Hello, Sunshines, I have the huge pleasure to be apart of the blog tour for; The Last Blast Of The Trumpet by Marie Macpherson. I can’t wait to share this book with you all, it sounds amazing, plus I have an exclusive excerpt which I am sure you will love as much as I do. Firstly, I want to say; thank you to Kelly at Love Books Tours for the invite to this tour. Now let’s have a look at this book…
The Last Blast of the Trumpet by Marie Macpherson
Conflict, Chaos and Corruption in Reformation Scotland
He wants to reform Scotland, but his enemies will stop at nothing to prevent him.
Scotland 1559: Fiery reformer John Knox returns to a Scotland on the brink of civil war. Victorious, he feels confident of his place leading the reform until the charismatic young widow, Mary Queen of Scots returns to claim her throne. She challenges his position and initiates a ferocious battle of wills as they strive to win the hearts and minds of the Scots.
But the treachery and jealousy that surrounds them both as they make critical choices in their public and private lives has dangerous consequences that neither of them can imagine.
In this final instalment of the trilogy of the fiery reformer John Knox, Macpherson tells the story of a man and a queen at one of the most critical phases of Scottish history.
Purchase Link – Amazon
‘Macpherson has done for Knox what Hilary Mantel did for Cromwell.’ Scottish Field
‘This richly realized portrait of a complex man in extraordinary times is historical fiction at its finest.’ Linda Porter, author of Crown of Thistles; Katherine the Queen, Royal Renegades; Mistresses: Sex and Scandal at the Court of Charles II
‘Marie Macpherson has once again given us a cavalcade of flesh and blood characters living the early days of the Scottish Reformation in a complex tale told with economy and wit.’ S.G. MacLean, author of The Seeker Series and Alexander Seaton mysteries
The Wrath of the People
I see the battle shall be great for Satan rageth even to the uttermost
—Letter to Mrs Locke
John Knox, 16th Century
The Parish Church of the Holy Cross of St John the Baptist, Perth, 11 May 1559
‘John Knox has come.’
The words took flight, leaping from lip to lip, echoing round the kirk, ringing to the rafters, and striking terror into his soul. The seething mass of humanity surged forward only to be shoved back by metal-clad men-at-arms. Knox stood rooted to the threshold. The kirk was crammed full: he hadn’t expected such a crowd, nor such a clamour. Panic gripped his throat and crushed his lungs.
An elbow nudged him and a voice muttered in his ear, ‘The folk have tramped from all the airts to show support for their preachers and to await your guidance, master.’
Swallowing deeply, Knox steeled himself to follow in the wake of Sir Patrick Lyndsay’s lean, lofty figure cutting a swathe through the swarm that parted like the Red Sea before Moses. The biblical comparison inspired him. In the midst of the throng, folk stood on tiptoe, craning their necks to catch sight of him; those at the front stretched out their hands. Faces rough-hewn by the unforgiving Scottish climate glowed with expectation and excitement. His ain folk, he thought: humble hinds and herdsmen in fusty sheepskin blankets, ploughmen and draymen in worsted tunics jostled cheek by jowl with masons and skinners in worn leather jerkins and aprons, in stark contrast to the docile, dutiful gentry of his Geneva brethren. More like the Berwick horde before he’d tamed them, Knox reminded himself. He should not fear this unruly flock but seek to win them over.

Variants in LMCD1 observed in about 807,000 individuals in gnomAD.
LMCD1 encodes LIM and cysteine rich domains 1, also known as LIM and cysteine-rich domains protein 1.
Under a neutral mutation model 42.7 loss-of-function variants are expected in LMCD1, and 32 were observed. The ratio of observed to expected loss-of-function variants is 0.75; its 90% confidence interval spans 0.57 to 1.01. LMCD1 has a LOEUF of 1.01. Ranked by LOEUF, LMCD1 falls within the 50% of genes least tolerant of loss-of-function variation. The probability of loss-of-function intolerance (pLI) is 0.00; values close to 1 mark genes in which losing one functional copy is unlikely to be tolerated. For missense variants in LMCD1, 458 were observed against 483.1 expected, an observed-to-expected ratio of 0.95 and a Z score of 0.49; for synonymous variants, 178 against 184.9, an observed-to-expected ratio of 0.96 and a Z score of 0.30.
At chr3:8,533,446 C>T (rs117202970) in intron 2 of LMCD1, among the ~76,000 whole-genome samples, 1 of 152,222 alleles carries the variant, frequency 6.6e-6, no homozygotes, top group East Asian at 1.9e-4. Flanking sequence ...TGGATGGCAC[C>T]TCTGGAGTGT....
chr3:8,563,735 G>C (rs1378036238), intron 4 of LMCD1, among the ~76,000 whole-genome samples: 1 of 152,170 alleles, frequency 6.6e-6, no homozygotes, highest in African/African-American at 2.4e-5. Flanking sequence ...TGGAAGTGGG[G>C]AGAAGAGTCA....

‘Is thon the mighty preacher everyone’s talking about?’ a voice piped up. ‘He’s gey wee.’
Lyndsay grabbed the offender by the throat. ‘Short in stature he may be, but his voice makes the heart dirl like thunder. Afore I rip out your blasphemous tongue, shift your fat arse and let him pass.’
Cowed, the man slunk away while the rest of the crowd fell silent. Patrick, Master of Lyndsay, a blunt and fierce soldier, was not a man to be crossed.
‘Never fash, Preacher Knox, my men-at-arms will guard the kirk doors lest the priors of Perth dare to thwart your sermon. And I’ll no shrink from turning them loose on the rabble if trouble breaks out.’
About the Author
Scottish writer Marie Macpherson grew up in Musselburgh on the site of the Battle of Pinkie and within sight of Fa’side Castle where tales and legends haunted her imagination. She left the Honest Toun to study Russian at Strathclyde University and spent a year in the former Soviet Union to research her PhD thesis on the 19th century Russian writer Mikhail Lermontov, said to be descended from the Scottish poet and seer, Thomas the Rhymer. Though travelled widely, teaching languages and literature from Madrid to Moscow, she has never lost her enthusiasm for the rich history and culture of her native Scotland.
Writing historical fiction combines her academic’s love of research with a passion for storytelling. Exploring the personal relationships and often hidden motivations of historical characters drives her curiosity.
The Knox Trilogy is a fictional biography of the fiery reformer, John Knox, set during the 16th century Scottish Reformation. Prizes and awards include the Martha Hamilton Prize for Creative Writing from Edinburgh University and Writer of the Year 2011 awarded by Tyne & Esk Writers. She is a member of the Historical Writers’ Association (HWA), the Historical Novel Society (HNS) and the Society of Authors (SoA).
Twitter: Dr Marie Macpherson @Scotscriever
Facebook Author page: https://www.facebook.com/TheKnoxTrilogy
Publisher page: Penmore Press: https://www.penmorepress.com/project/marie-macpherson/